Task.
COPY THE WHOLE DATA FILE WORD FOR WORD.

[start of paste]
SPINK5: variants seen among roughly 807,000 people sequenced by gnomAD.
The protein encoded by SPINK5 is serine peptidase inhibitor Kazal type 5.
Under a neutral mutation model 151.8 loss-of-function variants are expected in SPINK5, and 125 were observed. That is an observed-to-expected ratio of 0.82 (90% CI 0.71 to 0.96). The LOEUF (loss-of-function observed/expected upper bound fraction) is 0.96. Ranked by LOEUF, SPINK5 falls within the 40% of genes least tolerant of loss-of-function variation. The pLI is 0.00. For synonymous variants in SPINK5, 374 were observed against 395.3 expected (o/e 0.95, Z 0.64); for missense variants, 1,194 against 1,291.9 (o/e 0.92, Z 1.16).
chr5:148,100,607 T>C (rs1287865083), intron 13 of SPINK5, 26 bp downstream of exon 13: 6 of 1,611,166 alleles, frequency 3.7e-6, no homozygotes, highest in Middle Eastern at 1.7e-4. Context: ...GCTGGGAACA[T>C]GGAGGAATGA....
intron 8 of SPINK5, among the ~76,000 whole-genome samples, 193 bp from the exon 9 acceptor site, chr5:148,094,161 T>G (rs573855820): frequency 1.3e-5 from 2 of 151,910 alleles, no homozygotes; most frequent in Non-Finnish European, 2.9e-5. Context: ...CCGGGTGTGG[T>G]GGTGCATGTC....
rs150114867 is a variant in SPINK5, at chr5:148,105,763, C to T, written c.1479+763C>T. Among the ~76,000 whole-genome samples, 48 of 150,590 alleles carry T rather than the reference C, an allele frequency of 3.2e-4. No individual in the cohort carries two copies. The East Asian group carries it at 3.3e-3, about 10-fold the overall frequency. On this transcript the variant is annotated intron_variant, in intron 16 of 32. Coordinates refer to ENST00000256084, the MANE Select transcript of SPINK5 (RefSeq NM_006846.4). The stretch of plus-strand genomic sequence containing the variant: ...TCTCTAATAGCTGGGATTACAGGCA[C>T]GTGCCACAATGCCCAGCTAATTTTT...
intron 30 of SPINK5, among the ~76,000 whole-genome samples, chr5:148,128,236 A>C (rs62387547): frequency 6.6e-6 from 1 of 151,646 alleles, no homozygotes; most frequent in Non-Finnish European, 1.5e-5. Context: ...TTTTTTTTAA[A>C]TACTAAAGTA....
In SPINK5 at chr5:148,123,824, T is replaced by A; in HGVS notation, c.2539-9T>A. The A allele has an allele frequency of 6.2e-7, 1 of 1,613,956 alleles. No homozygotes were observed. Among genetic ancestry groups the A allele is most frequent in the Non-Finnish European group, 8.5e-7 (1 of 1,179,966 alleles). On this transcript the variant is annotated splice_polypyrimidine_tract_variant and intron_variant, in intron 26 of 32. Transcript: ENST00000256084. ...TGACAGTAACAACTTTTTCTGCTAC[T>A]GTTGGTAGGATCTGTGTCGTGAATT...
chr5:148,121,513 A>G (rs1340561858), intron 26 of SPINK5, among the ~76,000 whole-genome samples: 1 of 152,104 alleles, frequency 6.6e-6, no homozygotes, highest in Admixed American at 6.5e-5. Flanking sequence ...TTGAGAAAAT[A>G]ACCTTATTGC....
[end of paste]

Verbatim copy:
SPINK5: variants seen among roughly 807,000 people sequenced by gnomAD.
The protein encoded by SPINK5 is serine peptidase inhibitor Kazal type 5.
Under a neutral mutation model 151.8 loss-of-function variants are expected in SPINK5, and 125 were observed. That is an observed-to-expected ratio of 0.82 (90% CI 0.71 to 0.96). The LOEUF (loss-of-function observed/expected upper bound fraction) is 0.96. Ranked by LOEUF, SPINK5 falls within the 40% of genes least tolerant of loss-of-function variation. The pLI is 0.00. For synonymous variants in SPINK5, 374 were observed against 395.3 expected (o/e 0.95, Z 0.64); for missense variants, 1,194 against 1,291.9 (o/e 0.92, Z 1.16).
chr5:148,100,607 T>C (rs1287865083), intron 13 of SPINK5, 26 bp downstream of exon 13: 6 of 1,611,166 alleles, frequency 3.7e-6, no homozygotes, highest in Middle Eastern at 1.7e-4. Context: ...GCTGGGAACA[T>C]GGAGGAATGA....
intron 8 of SPINK5, among the ~76,000 whole-genome samples, 193 bp from the exon 9 acceptor site, chr5:148,094,161 T>G (rs573855820): frequency 1.3e-5 from 2 of 151,910 alleles, no homozygotes; most frequent in Non-Finnish European, 2.9e-5. Context: ...CCGGGTGTGG[T>G]GGTGCATGTC....
rs150114867 is a variant in SPINK5, at chr5:148,105,763, C to T, written c.1479+763C>T. Among the ~76,000 whole-genome samples, 48 of 150,590 alleles carry T rather than the reference C, an allele frequency of 3.2e-4. No individual in the cohort carries two copies. The East Asian group carries it at 3.3e-3, about 10-fold the overall frequency. On this transcript the variant is annotated intron_variant, in intron 16 of 32. Coordinates refer to ENST00000256084, the MANE Select transcript of SPINK5 (RefSeq NM_006846.4). The stretch of plus-strand genomic sequence containing the variant: ...TCTCTAATAGCTGGGATTACAGGCA[C>T]GTGCCACAATGCCCAGCTAATTTTT...
intron 30 of SPINK5, among the ~76,000 whole-genome samples, chr5:148,128,236 A>C (rs62387547): frequency 6.6e-6 from 1 of 151,646 alleles, no homozygotes; most frequent in Non-Finnish European, 1.5e-5. Context: ...TTTTTTTTAA[A>C]TACTAAAGTA....
In SPINK5 at chr5:148,123,824, T is replaced by A; in HGVS notation, c.2539-9T>A. The A allele has an allele frequency of 6.2e-7, 1 of 1,613,956 alleles. No homozygotes were observed. Among genetic ancestry groups the A allele is most frequent in the Non-Finnish European group, 8.5e-7 (1 of 1,179,966 alleles). On this transcript the variant is annotated splice_polypyrimidine_tract_variant and intron_variant, in intron 26 of 32. Transcript: ENST00000256084. ...TGACAGTAACAACTTTTTCTGCTAC[T>A]GTTGGTAGGATCTGTGTCGTGAATT...
chr5:148,121,513 A>G (rs1340561858), intron 26 of SPINK5, among the ~76,000 whole-genome samples: 1 of 152,104 alleles, frequency 6.6e-6, no homozygotes, highest in Admixed American at 6.5e-5. Flanking sequence ...TTGAGAAAAT[A>G]ACCTTATTGC....